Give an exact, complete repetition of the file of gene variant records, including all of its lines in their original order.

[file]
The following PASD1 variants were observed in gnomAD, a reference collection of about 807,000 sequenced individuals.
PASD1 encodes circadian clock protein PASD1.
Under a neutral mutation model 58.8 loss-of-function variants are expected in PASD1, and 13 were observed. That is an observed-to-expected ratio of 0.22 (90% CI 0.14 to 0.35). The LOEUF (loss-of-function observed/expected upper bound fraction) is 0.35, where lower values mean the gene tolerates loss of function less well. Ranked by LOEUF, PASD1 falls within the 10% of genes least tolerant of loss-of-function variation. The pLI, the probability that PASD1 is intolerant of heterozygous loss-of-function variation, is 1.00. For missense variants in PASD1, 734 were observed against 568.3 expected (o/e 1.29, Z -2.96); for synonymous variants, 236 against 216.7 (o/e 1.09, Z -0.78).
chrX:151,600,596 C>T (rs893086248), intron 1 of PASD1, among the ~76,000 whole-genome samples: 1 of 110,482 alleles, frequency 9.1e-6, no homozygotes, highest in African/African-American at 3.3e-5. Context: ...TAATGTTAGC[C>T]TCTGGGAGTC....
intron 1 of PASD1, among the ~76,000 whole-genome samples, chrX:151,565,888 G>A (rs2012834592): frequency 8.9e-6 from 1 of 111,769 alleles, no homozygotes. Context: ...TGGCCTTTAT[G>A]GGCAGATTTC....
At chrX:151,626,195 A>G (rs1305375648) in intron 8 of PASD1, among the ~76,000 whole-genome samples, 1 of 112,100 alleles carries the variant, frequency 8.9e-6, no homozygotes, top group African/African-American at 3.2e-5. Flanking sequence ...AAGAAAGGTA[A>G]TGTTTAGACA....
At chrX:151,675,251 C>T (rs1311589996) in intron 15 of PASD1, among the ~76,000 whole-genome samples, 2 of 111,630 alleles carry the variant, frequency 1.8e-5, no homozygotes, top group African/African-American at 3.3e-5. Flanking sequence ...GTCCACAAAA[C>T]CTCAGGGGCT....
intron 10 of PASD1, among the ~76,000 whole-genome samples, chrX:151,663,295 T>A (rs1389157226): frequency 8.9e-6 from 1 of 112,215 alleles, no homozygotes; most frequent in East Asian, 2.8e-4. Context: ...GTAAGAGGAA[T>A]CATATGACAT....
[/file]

The following PASD1 variants were observed in gnomAD, a reference collection of about 807,000 sequenced individuals.
PASD1 encodes circadian clock protein PASD1.
Under a neutral mutation model 58.8 loss-of-function variants are expected in PASD1, and 13 were observed. That is an observed-to-expected ratio of 0.22 (90% CI 0.14 to 0.35). The LOEUF (loss-of-function observed/expected upper bound fraction) is 0.35, where lower values mean the gene tolerates loss of function less well. Ranked by LOEUF, PASD1 falls within the 10% of genes least tolerant of loss-of-function variation. The pLI, the probability that PASD1 is intolerant of heterozygous loss-of-function variation, is 1.00. For missense variants in PASD1, 734 were observed against 568.3 expected (o/e 1.29, Z -2.96); for synonymous variants, 236 against 216.7 (o/e 1.09, Z -0.78).
chrX:151,600,596 C>T (rs893086248), intron 1 of PASD1, among the ~76,000 whole-genome samples: 1 of 110,482 alleles, frequency 9.1e-6, no homozygotes, highest in African/African-American at 3.3e-5. Context: ...TAATGTTAGC[C>T]TCTGGGAGTC....
intron 1 of PASD1, among the ~76,000 whole-genome samples, chrX:151,565,888 G>A (rs2012834592): frequency 8.9e-6 from 1 of 111,769 alleles, no homozygotes. Context: ...TGGCCTTTAT[G>A]GGCAGATTTC....
At chrX:151,626,195 A>G (rs1305375648) in intron 8 of PASD1, among the ~76,000 whole-genome samples, 1 of 112,100 alleles carries the variant, frequency 8.9e-6, no homozygotes, top group African/African-American at 3.2e-5. Flanking sequence ...AAGAAAGGTA[A>G]TGTTTAGACA....
At chrX:151,675,251 C>T (rs1311589996) in intron 15 of PASD1, among the ~76,000 whole-genome samples, 2 of 111,630 alleles carry the variant, frequency 1.8e-5, no homozygotes, top group African/African-American at 3.3e-5. Flanking sequence ...GTCCACAAAA[C>T]CTCAGGGGCT....
intron 10 of PASD1, among the ~76,000 whole-genome samples, chrX:151,663,295 T>A (rs1389157226): frequency 8.9e-6 from 1 of 112,215 alleles, no homozygotes; most frequent in East Asian, 2.8e-4. Context: ...GTAAGAGGAA[T>A]CATATGACAT....